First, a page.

Four days in Ivrea hadn’t desensitized me to the unusualness of any of it. For me, it was unrelatable, alienating at times. Even many Italians outside Ivrea find the Battle of the Oranges embarrassing or uncivilized. Every year, criticisms arise. There is concern for the welfare of the horses pulling the carriages, disgust with all the wasted food. I’d read about steps taken to address these issues — there’s now a program to turn the spent oranges into compost and biofuel, for example — but the Historic Carnival of Ivrea Foundation did not brag about these advancements the way an American festival would. At one point, Stefano Ampollini, who runs public relations for the foundation and has been a fanatical arancieri himself since boyhood, told me, “What we say in Ivrea is that the only orange that’s wasted is the one we don’t throw.” And when I mentioned to him that I’d seen that one boy get hit in the eye and start crying, Ampollini said, “Yes?” and moved on.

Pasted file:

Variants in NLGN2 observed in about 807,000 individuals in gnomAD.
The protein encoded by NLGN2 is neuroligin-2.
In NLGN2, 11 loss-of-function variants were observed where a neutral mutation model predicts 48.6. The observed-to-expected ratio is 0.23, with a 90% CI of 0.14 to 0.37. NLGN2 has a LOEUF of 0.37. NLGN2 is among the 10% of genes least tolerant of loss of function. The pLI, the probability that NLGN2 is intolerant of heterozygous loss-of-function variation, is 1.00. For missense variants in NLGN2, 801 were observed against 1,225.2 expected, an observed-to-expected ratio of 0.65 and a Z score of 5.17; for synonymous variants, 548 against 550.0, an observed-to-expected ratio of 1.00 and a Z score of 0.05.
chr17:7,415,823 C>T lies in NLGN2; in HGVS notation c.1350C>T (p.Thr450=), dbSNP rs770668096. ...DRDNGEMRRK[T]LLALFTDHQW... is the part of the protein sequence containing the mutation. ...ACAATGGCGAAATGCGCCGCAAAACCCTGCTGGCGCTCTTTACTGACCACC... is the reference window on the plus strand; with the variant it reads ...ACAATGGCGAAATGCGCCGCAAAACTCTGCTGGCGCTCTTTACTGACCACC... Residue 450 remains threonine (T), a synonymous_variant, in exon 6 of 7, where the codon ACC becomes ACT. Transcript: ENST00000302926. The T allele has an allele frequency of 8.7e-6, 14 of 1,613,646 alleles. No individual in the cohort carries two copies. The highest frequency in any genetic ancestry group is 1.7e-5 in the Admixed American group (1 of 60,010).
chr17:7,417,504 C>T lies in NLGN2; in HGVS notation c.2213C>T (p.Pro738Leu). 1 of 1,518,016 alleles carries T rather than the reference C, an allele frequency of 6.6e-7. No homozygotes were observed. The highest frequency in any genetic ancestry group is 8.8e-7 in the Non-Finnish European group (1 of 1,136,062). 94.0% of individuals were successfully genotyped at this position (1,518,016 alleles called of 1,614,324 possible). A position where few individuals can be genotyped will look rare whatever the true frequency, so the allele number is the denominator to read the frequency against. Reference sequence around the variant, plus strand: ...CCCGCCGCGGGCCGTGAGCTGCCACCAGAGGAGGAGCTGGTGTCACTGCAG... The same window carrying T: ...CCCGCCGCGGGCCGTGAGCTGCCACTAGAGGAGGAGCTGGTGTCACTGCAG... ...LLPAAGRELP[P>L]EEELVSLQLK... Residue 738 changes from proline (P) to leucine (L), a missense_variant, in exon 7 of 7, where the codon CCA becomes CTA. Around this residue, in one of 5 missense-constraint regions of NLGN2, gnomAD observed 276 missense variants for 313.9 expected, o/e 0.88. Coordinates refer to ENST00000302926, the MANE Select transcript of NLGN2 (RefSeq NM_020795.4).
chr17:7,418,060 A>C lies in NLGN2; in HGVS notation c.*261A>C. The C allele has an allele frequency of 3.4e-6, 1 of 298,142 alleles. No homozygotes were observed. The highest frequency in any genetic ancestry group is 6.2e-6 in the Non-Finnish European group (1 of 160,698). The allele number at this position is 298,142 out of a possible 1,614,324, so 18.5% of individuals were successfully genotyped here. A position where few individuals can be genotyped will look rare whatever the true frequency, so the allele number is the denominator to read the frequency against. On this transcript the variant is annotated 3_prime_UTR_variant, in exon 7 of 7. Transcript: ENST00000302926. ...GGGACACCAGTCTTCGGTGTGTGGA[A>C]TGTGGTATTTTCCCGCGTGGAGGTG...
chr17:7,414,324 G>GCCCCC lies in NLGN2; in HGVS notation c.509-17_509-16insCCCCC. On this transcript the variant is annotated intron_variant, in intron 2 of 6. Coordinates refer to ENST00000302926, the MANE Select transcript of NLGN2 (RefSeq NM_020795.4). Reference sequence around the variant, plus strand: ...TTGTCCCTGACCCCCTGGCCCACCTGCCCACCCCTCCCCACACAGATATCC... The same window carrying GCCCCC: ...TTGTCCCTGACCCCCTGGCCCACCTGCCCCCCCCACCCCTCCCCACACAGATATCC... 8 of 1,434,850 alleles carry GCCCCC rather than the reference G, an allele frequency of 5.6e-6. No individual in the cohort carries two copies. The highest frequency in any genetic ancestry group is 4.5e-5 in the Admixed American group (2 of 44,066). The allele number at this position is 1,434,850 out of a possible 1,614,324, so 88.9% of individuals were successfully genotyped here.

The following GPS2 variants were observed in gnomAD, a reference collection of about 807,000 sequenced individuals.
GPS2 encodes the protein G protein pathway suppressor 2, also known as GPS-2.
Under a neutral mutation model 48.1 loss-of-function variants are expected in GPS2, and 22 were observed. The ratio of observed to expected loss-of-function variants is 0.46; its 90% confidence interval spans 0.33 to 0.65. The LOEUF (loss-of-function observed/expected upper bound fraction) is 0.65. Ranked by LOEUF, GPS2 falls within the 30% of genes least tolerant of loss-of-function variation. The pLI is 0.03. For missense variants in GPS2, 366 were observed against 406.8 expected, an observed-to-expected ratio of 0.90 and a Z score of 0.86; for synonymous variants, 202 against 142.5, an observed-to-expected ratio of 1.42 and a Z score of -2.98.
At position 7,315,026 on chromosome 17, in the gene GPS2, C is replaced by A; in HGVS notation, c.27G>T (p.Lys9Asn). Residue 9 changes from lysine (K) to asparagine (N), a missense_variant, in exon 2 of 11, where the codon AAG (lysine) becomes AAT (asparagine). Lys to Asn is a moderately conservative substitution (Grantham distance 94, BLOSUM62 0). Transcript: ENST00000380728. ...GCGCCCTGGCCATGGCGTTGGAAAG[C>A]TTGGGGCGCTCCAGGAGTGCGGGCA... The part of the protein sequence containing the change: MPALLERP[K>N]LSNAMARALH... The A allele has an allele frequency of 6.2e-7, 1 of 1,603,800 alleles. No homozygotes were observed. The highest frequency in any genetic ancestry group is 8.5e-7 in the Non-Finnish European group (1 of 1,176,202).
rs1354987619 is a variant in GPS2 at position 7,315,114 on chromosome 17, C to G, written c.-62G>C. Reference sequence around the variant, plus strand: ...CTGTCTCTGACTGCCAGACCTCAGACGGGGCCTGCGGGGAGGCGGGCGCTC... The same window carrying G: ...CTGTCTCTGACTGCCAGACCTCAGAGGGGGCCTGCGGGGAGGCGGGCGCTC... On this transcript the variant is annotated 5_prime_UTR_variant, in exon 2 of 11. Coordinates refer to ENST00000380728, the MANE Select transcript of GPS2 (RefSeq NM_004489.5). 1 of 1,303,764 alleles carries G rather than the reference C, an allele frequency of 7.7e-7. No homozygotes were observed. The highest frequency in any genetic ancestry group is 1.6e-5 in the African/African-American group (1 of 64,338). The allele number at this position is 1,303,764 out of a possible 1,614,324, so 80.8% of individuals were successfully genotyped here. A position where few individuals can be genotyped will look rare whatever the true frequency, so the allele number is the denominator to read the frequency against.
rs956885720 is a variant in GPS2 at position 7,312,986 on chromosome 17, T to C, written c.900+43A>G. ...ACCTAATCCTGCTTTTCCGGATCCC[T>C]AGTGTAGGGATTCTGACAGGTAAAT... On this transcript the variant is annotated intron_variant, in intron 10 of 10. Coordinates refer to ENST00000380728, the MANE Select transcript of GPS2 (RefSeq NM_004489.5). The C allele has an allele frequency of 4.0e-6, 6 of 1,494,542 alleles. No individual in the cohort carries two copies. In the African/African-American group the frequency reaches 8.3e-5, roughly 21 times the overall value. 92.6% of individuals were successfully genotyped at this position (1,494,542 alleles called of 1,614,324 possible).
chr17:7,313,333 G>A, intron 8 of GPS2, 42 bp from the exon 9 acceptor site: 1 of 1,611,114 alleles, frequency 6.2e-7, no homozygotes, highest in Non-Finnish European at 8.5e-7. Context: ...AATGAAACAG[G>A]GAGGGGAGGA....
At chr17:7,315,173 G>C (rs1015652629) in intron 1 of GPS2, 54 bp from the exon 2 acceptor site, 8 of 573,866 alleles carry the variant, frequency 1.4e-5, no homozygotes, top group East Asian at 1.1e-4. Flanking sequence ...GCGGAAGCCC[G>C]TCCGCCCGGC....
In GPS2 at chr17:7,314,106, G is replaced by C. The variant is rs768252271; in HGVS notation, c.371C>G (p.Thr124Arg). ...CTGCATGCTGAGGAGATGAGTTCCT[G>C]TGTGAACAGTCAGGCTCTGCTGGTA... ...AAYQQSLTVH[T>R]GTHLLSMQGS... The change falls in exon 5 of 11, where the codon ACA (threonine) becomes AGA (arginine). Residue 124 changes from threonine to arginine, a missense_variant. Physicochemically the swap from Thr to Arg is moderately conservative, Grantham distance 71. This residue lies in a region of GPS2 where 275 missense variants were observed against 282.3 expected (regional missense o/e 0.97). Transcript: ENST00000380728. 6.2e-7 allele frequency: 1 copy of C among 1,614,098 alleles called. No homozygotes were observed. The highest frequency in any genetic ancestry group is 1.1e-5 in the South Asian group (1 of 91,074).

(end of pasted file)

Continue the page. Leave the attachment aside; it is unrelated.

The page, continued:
Tourists kept arriving — still mostly other Italians; relatively few, it seemed, from abroad — and they definitely weren’t unwelcome. But there was little signage or material around to orient them, and shockingly few souvenirs for them to buy. Given the perilous environment, given how much locals needed those four days to provide an all-consuming torrent of pleasure, it seemed like anyone else was kind of in the way. Entertaining outsiders wasn’t the point, nor was appeasing critics or massaging the optics of young men hurting one another in the year 2023. It seemed to me that the point of the Carnival was exquisitely simple. It was a game Ivreans loved playing together, for its own sake and primarily among themselves.
This hit me most powerfully while stuck in one last parade. It was the final procession of the festival, a somber, late-night funeral march through the medieval city to mourn Carnival’s end. I genuinely thought I’d outsmarted this parade and beat it to its destination, but before I knew what was happening, I was herded onto the side of the street with a crush of other parade-watchers — a blob of puffy jackets, some of them blotched with dried pulp.